Motifs are recurring structures, contrasts, and literary devices that can help to develop and inform the text's major themes.

Truth-seeking versus Self-protection

Within the theme of growing up, the truth becomes an important issue. A large part of being a child is discovery. The process of discovering the way the world works and understanding other people is central to maturation. In Number the Stars, the war makes it necessary for the truth to be concealed at times. As Henrik explains, knowing too much can make bravery harder and therefore put a person at risk. This, however, creates a contradiction for the process of growing up. Not knowing is usually equated with being a child. But in the story, not knowing means being able to face danger, which is a mature trait. Thus Annemarie must find a balance between demanding the truth and protecting herself from it.

The Deceit of Appearances

Annemarie learns that judgments based on appearances are not always correct. This lesson is related to the theme of growing up, since learning to avoid judging on appearances alone is part of maturing. Particularly concerning pride, Annemarie discovers that what you see at first may not be a manifestation of what is actually so. At first, Annemarie thinks that the Rosens have lost their pride because they wear shabby clothing and make a forced escape. But she quickly realizes this is not true. Their pride is intact and is not attached to the objects they possess. The casket, too, is an instance of miscalculation based on appearance. A casket normally contains a dead person, but in this case it holds items that will help the escaping Jews to survive.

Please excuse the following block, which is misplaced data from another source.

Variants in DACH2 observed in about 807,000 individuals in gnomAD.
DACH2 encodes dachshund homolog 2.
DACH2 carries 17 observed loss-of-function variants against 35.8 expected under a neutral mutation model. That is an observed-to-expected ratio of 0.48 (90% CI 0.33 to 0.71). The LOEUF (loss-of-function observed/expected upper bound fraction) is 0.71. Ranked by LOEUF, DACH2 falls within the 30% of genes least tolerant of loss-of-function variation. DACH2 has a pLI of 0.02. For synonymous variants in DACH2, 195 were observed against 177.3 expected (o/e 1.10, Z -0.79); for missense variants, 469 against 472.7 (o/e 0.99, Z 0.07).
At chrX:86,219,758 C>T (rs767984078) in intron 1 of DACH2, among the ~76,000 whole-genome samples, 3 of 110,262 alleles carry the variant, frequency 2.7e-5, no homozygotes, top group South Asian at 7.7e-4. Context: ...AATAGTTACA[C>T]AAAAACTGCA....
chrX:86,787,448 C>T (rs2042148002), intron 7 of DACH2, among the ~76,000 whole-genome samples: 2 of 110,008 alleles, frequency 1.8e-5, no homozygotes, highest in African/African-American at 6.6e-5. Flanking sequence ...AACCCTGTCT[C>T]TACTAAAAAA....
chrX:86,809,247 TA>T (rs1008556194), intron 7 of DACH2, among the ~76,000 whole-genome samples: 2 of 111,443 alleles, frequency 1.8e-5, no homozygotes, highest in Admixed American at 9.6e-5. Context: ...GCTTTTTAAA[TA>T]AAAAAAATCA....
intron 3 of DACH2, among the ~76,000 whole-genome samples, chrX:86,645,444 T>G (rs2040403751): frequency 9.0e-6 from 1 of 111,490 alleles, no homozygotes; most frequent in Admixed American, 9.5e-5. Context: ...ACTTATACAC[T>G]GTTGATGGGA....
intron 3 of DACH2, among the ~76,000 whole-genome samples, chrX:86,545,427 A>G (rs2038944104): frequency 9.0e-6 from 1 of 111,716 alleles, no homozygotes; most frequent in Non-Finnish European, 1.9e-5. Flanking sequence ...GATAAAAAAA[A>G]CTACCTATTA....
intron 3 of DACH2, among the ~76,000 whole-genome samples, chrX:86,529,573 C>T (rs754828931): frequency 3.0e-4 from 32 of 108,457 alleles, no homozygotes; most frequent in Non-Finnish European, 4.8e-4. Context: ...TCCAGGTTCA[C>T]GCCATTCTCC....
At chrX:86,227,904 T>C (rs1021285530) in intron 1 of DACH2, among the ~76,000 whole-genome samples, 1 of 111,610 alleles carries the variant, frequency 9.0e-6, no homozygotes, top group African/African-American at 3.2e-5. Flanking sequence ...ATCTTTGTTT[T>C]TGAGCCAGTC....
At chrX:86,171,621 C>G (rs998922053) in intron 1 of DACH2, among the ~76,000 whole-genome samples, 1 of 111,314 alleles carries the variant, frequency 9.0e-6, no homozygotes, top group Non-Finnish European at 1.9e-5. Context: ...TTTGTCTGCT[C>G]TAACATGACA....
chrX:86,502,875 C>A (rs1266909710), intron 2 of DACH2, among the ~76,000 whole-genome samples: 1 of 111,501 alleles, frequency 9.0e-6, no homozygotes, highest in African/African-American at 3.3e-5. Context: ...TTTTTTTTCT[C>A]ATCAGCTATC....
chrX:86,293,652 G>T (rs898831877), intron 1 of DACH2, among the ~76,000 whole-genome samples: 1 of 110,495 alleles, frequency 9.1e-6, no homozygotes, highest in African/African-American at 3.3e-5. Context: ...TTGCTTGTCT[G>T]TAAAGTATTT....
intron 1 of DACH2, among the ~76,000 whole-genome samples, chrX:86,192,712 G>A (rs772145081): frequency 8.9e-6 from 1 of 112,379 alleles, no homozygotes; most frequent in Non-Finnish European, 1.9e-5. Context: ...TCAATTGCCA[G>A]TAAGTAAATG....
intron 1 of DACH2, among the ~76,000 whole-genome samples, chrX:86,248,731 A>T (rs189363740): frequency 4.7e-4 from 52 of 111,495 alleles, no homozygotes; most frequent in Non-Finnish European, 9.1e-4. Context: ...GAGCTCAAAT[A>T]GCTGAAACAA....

Acting in Wartime

The war forces individuals to conceal their true identities and actions. In various situations, the characters of Number the Stars must pretend to be someone they are not. Ellen's desire to go to acting school is painfully echoed by the events of her own life, in which acting becomes a matter of survival. Ellen must act as if she is Lise Johansen in order to save herself. Annemarie also finds herself playing roles. While Mrs. Johansen is taking the Rosens to Henrik's boat, Annemarie takes on the role of the mother. Then she plays the part of the silly little girl when the soldiers stop her in the woods. Role-playing can also be connected to the process of growing up. Children play at being adults in order to try on the responsibilities of the grown-up world without having to assume them in reality.